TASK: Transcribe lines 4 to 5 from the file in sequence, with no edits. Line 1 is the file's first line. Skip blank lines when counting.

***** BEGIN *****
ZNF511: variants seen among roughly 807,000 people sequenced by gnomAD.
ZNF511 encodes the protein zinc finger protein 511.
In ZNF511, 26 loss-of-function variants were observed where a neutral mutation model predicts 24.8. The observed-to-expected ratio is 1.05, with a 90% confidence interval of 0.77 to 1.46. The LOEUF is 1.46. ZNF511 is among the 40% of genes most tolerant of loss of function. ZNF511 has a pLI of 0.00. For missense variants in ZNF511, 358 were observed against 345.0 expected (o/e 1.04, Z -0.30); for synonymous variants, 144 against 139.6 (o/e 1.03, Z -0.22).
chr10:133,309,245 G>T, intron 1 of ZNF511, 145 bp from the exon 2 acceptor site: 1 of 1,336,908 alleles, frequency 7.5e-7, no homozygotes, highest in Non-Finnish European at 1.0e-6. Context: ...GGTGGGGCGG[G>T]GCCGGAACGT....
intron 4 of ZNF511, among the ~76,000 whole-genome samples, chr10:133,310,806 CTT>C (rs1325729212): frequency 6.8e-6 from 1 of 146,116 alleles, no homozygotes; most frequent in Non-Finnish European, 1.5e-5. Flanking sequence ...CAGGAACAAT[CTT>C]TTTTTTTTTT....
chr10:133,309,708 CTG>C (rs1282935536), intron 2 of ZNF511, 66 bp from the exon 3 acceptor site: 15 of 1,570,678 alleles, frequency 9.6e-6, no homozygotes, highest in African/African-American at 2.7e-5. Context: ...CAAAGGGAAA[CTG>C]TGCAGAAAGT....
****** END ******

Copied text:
chr10:133,309,245 G>T, intron 1 of ZNF511, 145 bp from the exon 2 acceptor site: 1 of 1,336,908 alleles, frequency 7.5e-7, no homozygotes, highest in Non-Finnish European at 1.0e-6. Context: ...GGTGGGGCGG[G>T]GCCGGAACGT....
intron 4 of ZNF511, among the ~76,000 whole-genome samples, chr10:133,310,806 CTT>C (rs1325729212): frequency 6.8e-6 from 1 of 146,116 alleles, no homozygotes; most frequent in Non-Finnish European, 1.5e-5. Flanking sequence ...CAGGAACAAT[CTT>C]TTTTTTTTTT....